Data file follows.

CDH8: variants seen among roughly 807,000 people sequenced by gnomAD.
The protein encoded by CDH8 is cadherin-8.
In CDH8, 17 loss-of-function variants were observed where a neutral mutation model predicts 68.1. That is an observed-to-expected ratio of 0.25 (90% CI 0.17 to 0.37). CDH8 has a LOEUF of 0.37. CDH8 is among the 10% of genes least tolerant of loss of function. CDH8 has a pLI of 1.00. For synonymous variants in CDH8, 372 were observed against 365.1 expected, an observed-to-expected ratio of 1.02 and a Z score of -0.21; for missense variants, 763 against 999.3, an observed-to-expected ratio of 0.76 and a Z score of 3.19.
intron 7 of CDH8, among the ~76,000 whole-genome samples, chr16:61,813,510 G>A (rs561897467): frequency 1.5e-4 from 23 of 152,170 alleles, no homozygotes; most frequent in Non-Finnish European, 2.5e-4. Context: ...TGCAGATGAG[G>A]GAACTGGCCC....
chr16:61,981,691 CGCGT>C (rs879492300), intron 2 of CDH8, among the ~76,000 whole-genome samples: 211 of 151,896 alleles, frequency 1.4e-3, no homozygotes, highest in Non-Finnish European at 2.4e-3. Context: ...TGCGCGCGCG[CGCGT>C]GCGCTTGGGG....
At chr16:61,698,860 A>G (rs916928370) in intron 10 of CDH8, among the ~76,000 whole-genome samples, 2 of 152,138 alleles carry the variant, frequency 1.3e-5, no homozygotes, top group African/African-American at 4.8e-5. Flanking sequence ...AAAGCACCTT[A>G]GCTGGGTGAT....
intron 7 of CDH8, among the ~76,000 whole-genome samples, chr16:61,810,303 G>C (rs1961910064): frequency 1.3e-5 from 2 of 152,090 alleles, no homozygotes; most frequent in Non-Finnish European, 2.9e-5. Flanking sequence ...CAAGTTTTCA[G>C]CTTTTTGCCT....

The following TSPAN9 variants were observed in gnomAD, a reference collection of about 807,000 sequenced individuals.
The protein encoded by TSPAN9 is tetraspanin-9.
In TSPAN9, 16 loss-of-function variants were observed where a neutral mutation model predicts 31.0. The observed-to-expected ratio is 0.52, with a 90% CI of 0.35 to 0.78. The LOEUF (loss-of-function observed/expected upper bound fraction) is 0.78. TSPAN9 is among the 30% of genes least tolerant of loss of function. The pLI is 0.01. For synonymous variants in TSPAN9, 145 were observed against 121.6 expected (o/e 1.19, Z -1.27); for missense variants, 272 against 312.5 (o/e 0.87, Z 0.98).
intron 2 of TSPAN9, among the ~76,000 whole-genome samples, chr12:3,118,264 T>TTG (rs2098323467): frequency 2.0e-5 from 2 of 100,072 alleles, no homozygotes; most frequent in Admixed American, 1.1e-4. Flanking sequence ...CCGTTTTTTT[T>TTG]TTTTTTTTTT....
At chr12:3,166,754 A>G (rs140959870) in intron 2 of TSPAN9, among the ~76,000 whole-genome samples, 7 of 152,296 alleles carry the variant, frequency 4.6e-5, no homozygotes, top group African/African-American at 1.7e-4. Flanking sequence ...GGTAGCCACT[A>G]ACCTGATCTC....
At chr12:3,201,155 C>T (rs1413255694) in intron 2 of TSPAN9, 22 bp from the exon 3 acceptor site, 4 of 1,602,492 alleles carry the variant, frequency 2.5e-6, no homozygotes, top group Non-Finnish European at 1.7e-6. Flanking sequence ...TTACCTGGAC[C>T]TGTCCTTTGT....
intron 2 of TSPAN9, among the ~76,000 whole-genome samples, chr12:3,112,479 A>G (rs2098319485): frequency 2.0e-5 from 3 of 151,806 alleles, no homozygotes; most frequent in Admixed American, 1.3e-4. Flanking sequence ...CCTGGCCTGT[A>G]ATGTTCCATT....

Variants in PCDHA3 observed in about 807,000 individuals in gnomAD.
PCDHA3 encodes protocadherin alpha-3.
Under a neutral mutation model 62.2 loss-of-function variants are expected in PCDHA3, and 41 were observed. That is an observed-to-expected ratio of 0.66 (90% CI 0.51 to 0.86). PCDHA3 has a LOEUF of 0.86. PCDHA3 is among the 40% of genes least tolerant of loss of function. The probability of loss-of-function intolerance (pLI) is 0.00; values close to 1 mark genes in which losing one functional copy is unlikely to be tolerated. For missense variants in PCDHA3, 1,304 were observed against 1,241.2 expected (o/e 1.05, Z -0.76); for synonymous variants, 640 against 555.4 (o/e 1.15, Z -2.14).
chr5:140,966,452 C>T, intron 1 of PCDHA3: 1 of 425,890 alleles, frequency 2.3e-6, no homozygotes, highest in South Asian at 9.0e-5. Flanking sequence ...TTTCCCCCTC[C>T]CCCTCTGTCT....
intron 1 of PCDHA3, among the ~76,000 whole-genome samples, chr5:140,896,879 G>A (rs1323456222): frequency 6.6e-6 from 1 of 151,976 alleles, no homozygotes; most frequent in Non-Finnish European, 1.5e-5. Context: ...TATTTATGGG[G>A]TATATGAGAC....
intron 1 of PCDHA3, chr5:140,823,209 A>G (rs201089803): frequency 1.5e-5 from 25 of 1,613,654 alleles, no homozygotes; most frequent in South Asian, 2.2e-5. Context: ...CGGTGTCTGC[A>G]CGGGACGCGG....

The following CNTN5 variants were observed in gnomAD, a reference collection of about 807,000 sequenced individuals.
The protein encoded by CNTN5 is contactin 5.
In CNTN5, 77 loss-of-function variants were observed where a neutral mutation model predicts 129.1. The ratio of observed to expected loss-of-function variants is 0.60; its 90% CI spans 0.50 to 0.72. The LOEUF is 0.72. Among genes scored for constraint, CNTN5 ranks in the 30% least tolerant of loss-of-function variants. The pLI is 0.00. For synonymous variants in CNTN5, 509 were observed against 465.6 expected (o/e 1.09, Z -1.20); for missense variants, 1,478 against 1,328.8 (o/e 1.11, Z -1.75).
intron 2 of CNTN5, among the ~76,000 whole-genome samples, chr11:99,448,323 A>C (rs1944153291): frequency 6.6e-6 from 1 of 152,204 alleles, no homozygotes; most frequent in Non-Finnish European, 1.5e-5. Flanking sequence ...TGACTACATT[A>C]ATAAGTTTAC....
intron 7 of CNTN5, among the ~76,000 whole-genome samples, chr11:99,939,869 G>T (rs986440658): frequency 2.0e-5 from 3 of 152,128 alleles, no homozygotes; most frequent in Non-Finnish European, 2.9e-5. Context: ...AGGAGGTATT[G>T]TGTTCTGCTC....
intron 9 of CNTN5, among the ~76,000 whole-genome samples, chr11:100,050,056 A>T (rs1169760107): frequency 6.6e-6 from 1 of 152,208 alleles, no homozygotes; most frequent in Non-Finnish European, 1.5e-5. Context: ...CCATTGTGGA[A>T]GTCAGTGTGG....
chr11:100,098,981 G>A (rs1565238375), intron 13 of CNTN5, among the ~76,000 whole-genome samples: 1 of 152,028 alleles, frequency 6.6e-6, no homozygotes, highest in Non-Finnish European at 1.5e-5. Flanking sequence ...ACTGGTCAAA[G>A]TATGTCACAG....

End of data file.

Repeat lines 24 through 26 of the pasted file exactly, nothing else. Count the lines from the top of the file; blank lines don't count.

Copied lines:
intron 2 of CNTN5, among the ~76,000 whole-genome samples, chr11:99,448,323 A>C (rs1944153291): frequency 6.6e-6 from 1 of 152,204 alleles, no homozygotes; most frequent in Non-Finnish European, 1.5e-5. Flanking sequence ...TGACTACATT[A>C]ATAAGTTTAC....
intron 7 of CNTN5, among the ~76,000 whole-genome samples, chr11:99,939,869 G>T (rs986440658): frequency 2.0e-5 from 3 of 152,128 alleles, no homozygotes; most frequent in Non-Finnish European, 2.9e-5. Context: ...AGGAGGTATT[G>T]TGTTCTGCTC....
intron 9 of CNTN5, among the ~76,000 whole-genome samples, chr11:100,050,056 A>T (rs1169760107): frequency 6.6e-6 from 1 of 152,208 alleles, no homozygotes; most frequent in Non-Finnish European, 1.5e-5. Context: ...CCATTGTGGA[A>T]GTCAGTGTGG....